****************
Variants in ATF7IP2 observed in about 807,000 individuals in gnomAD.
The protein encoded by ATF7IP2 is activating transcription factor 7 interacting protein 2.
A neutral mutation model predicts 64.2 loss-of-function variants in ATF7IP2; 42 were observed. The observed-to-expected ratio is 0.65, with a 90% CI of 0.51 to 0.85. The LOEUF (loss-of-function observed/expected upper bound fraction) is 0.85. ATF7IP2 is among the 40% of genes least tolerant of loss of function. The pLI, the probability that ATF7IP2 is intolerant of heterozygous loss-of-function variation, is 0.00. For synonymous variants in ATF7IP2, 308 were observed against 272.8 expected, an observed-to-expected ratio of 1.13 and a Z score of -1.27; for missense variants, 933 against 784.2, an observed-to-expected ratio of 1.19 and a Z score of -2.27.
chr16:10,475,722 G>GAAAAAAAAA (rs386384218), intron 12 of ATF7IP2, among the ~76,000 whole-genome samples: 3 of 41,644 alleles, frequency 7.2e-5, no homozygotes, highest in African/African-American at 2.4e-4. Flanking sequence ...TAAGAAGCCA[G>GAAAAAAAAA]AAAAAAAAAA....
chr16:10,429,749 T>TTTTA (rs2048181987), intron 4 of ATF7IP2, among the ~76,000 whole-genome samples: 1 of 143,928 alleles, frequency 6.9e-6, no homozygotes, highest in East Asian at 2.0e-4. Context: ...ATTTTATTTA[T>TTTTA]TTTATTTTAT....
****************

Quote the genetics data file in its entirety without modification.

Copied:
Variants in ATF7IP2 observed in about 807,000 individuals in gnomAD.
The protein encoded by ATF7IP2 is activating transcription factor 7 interacting protein 2.
A neutral mutation model predicts 64.2 loss-of-function variants in ATF7IP2; 42 were observed. The observed-to-expected ratio is 0.65, with a 90% CI of 0.51 to 0.85. The LOEUF (loss-of-function observed/expected upper bound fraction) is 0.85. ATF7IP2 is among the 40% of genes least tolerant of loss of function. The pLI, the probability that ATF7IP2 is intolerant of heterozygous loss-of-function variation, is 0.00. For synonymous variants in ATF7IP2, 308 were observed against 272.8 expected, an observed-to-expected ratio of 1.13 and a Z score of -1.27; for missense variants, 933 against 784.2, an observed-to-expected ratio of 1.19 and a Z score of -2.27.
chr16:10,475,722 G>GAAAAAAAAA (rs386384218), intron 12 of ATF7IP2, among the ~76,000 whole-genome samples: 3 of 41,644 alleles, frequency 7.2e-5, no homozygotes, highest in African/African-American at 2.4e-4. Flanking sequence ...TAAGAAGCCA[G>GAAAAAAAAA]AAAAAAAAAA....
chr16:10,429,749 T>TTTTA (rs2048181987), intron 4 of ATF7IP2, among the ~76,000 whole-genome samples: 1 of 143,928 alleles, frequency 6.9e-6, no homozygotes, highest in East Asian at 2.0e-4. Context: ...ATTTTATTTA[T>TTTTA]TTTATTTTAT....